The Observer: Forget Fancy, Go With Functional -- We'll Be Watching
It's time to vote with our access fees and our patronage if businesses that promise connectivity don't deliver, says Lou Bertin.
This is one of those columns I hoped to never write. Not because the business of working from the road is tiresome (it is, and quite unmistakably so); nor because I need so often to do so (there are more frequent-flyer miles sitting in my accounts than my bride and I can easily use and my mother and my siblings and their offspring have happily filled those voids) but because the subject itself is close to being tiresome beyond belief.
I acknowledge that. Nobody wants another "Woe is me, I need to work while on the road and it's just awfully inconvenient" column. This ain't that.
This is a small gesture toward recognizing what's been the operational reality for a long time now. Simply, that we ALL are forced to work from the road … in this case "road" being defined as ANY distance from desks based in homes or offices.
We've been at this for a while now, boys and girls, and what have we learned? Simply, that it ISN'T easy. That it DOESN'T work as often as it ought and that it remains a colossal frustration at minimum and a huge sinkhole of productivity at worst.
Let's face it. We all are roadies. But at whose feet does the blame lie for the unmistakable truth that road access is more of a hit-or-miss proposition than hitting black or red at our friendly local casino? Mostly us. Sometimes them, but overwhelmingly us.
"Them" are those to whom we entrust access. Unless we're of the unimaginably anal persuasion, we don't typically ask which service provider has been contracted to provide high-speed service by the hotel where we'll be staying. I spent more than one-third of last year's nights with my head resting on pillows that aren't my own and I only asked that question twice. Both times, I asked in advance out of sheer panic prompted by the time a weather delay left me moderating a live Web cast out of a prototypical "no-tell motel" outside Providence, R.I., that only provided dial-up access.
The most apt comment came from AJ Murray, who said simply that out of seven hotels he and his family visited, only one came close to working as advertised and that one hotel was, in AJ's parlance "a state-run resort (read: a fancy [Kampground of America] with A/C in Kentucky. None of the rest worked as promised (if at all); the logon process was never, ever as simple as listed, and the 'access' when obtained … was spotty at best."
I recounted in this space a little more than a year ago one memorable experience I had at a hotel whose San Francisco flagship bears the name of the patron saint of animals. My call to the front desk at this place where I love staying was prompted initially by construction outside my door and secondarily by my utter and complete inability to access its high-speed service, priced as it was and is at marginally extortionate rates.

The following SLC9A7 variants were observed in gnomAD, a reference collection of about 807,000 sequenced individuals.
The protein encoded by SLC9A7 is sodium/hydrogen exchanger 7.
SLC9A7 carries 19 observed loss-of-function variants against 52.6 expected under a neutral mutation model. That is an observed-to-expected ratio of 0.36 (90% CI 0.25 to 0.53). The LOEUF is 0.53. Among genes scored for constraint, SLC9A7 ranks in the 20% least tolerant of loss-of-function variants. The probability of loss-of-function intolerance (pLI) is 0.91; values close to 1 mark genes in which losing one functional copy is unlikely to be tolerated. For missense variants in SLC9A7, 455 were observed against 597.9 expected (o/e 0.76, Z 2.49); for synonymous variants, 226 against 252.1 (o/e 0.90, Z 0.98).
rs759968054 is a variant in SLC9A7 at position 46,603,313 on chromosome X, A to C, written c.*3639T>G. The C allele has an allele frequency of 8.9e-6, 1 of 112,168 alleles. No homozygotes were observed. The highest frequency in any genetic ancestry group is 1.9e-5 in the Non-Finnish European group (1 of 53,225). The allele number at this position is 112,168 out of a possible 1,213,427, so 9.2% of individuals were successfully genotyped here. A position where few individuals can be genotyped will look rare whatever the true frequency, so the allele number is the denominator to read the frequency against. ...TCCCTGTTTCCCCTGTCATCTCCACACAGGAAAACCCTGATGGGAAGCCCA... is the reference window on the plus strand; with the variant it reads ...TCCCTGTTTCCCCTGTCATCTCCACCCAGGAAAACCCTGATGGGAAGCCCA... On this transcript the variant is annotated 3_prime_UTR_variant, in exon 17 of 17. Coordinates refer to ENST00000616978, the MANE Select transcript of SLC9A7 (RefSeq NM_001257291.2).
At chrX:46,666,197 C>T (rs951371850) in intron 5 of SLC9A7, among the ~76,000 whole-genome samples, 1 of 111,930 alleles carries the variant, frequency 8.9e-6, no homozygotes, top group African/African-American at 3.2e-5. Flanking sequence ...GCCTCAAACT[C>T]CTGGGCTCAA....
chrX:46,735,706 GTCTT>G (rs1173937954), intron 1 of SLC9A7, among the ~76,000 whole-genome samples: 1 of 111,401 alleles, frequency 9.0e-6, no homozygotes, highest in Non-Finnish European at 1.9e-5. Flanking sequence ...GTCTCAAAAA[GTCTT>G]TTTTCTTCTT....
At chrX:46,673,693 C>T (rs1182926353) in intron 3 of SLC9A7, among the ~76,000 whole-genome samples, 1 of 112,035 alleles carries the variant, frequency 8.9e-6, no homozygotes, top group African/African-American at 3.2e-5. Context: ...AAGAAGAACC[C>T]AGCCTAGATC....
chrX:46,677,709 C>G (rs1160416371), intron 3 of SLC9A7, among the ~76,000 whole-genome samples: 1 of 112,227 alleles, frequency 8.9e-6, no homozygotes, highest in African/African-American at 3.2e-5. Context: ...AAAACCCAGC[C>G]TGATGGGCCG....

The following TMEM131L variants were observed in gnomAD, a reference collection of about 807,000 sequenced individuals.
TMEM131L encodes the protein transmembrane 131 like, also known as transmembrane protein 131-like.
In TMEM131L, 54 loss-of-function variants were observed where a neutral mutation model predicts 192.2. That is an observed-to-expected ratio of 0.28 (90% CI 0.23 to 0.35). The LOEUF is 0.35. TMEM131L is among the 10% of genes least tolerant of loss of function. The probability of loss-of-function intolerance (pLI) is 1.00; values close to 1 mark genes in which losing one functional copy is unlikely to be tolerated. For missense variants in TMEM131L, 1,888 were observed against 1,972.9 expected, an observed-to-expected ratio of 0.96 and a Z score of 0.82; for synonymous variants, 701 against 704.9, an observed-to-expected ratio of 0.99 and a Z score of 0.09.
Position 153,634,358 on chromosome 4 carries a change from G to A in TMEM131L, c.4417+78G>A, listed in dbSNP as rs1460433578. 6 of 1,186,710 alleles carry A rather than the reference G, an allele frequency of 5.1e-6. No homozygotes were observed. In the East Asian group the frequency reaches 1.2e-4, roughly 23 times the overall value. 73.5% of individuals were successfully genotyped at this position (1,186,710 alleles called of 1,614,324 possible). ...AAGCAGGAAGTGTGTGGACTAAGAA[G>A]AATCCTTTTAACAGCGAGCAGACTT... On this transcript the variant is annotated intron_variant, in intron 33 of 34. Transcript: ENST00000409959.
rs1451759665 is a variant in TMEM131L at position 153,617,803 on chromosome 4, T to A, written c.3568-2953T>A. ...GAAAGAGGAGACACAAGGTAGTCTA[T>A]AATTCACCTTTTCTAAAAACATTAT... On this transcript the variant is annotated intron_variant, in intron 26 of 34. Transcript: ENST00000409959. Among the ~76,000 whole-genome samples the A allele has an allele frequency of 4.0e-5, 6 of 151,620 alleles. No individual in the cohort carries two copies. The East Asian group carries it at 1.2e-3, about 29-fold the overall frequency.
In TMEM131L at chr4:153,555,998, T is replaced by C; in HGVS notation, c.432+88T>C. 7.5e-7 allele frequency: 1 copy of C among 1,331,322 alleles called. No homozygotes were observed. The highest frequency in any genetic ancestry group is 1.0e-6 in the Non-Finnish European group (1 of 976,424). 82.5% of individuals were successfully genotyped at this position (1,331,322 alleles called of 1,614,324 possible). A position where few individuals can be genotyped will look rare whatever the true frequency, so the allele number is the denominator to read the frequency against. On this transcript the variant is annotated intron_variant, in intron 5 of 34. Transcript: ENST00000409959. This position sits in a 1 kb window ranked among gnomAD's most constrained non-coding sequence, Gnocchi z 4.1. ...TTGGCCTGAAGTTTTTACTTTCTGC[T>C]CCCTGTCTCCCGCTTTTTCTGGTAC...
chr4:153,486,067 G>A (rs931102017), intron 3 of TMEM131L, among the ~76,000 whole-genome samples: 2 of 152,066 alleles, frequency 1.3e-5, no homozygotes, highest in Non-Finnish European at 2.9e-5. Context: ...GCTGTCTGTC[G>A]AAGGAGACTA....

The tech-support person who came to remedy my circumstance was a revelation. Hard-working, empathetic, sympathetic, and utterly at his wit's end. "We fancy up the front end and make things all pretty and guests can't get online. I can't believe it. It's our fault but it makes me nuts," he lamented as he "downgraded" me to the hotel's prior less-fancy-but-purely-functional front end.
Separately, my weary friend's CEO now finds himself no longer employed in the hospitality business. Sic transit fanciness when it comes at the expense of functionality.
Do bad front ends irresistibly lead to the demise of hoteliers' careers? Nope. But as John Graf points out on the blog, making reference to paying attention to the basics, "sometimes we get it and sometimes we don't."
Time for all of us to get it and it begins with what matters most to us. If the places where we stay don't get it right, we'll find other places to stay. If the vendors we deal with don't get it right, we'll stick with them just as long as we have to until it makes sense to get 'em outta those parts of Dodge where we have influence.
We're finally at the point where we're beginning to have technology choices that matter to us on a purely discretionary (as opposed to architectural or platform-dependent) basis. Let's make the most of that. Vote with those $15.95-per-day access fees and see if anybody notices. The bet here is that they will. Belatedly, perhaps, but they will.
And to Nelson who posts on the blog that he works at "the Mayaguez Resort and Casino in Puerto Rico and [assures us that we] won't have any trouble working with our wireless systems at the hotel," all I can say is that we'll be watching.
To discuss this column with other readers, please visit Lou Bertin's forum on the Listening Post.
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